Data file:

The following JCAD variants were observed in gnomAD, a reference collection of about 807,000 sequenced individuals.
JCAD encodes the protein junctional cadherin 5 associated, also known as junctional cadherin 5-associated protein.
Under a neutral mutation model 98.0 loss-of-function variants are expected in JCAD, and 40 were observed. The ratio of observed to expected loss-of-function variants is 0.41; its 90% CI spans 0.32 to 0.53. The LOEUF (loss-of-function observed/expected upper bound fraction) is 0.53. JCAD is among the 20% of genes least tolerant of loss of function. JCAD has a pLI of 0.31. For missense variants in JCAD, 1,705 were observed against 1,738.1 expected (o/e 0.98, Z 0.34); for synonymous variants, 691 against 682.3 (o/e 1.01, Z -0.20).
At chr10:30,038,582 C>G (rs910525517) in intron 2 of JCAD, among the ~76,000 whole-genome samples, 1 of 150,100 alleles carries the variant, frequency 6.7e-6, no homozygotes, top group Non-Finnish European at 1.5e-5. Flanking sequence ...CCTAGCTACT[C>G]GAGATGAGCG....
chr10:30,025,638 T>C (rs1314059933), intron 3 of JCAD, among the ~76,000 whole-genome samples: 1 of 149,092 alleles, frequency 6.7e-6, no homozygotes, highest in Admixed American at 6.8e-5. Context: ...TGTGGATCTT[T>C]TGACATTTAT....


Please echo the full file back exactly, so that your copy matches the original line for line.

The following JCAD variants were observed in gnomAD, a reference collection of about 807,000 sequenced individuals.
JCAD encodes the protein junctional cadherin 5 associated, also known as junctional cadherin 5-associated protein.
Under a neutral mutation model 98.0 loss-of-function variants are expected in JCAD, and 40 were observed. The ratio of observed to expected loss-of-function variants is 0.41; its 90% CI spans 0.32 to 0.53. The LOEUF (loss-of-function observed/expected upper bound fraction) is 0.53. JCAD is among the 20% of genes least tolerant of loss of function. JCAD has a pLI of 0.31. For missense variants in JCAD, 1,705 were observed against 1,738.1 expected (o/e 0.98, Z 0.34); for synonymous variants, 691 against 682.3 (o/e 1.01, Z -0.20).
At chr10:30,038,582 C>G (rs910525517) in intron 2 of JCAD, among the ~76,000 whole-genome samples, 1 of 150,100 alleles carries the variant, frequency 6.7e-6, no homozygotes, top group Non-Finnish European at 1.5e-5. Flanking sequence ...CCTAGCTACT[C>G]GAGATGAGCG....
chr10:30,025,638 T>C (rs1314059933), intron 3 of JCAD, among the ~76,000 whole-genome samples: 1 of 149,092 alleles, frequency 6.7e-6, no homozygotes, highest in Admixed American at 6.8e-5. Context: ...TGTGGATCTT[T>C]TGACATTTAT....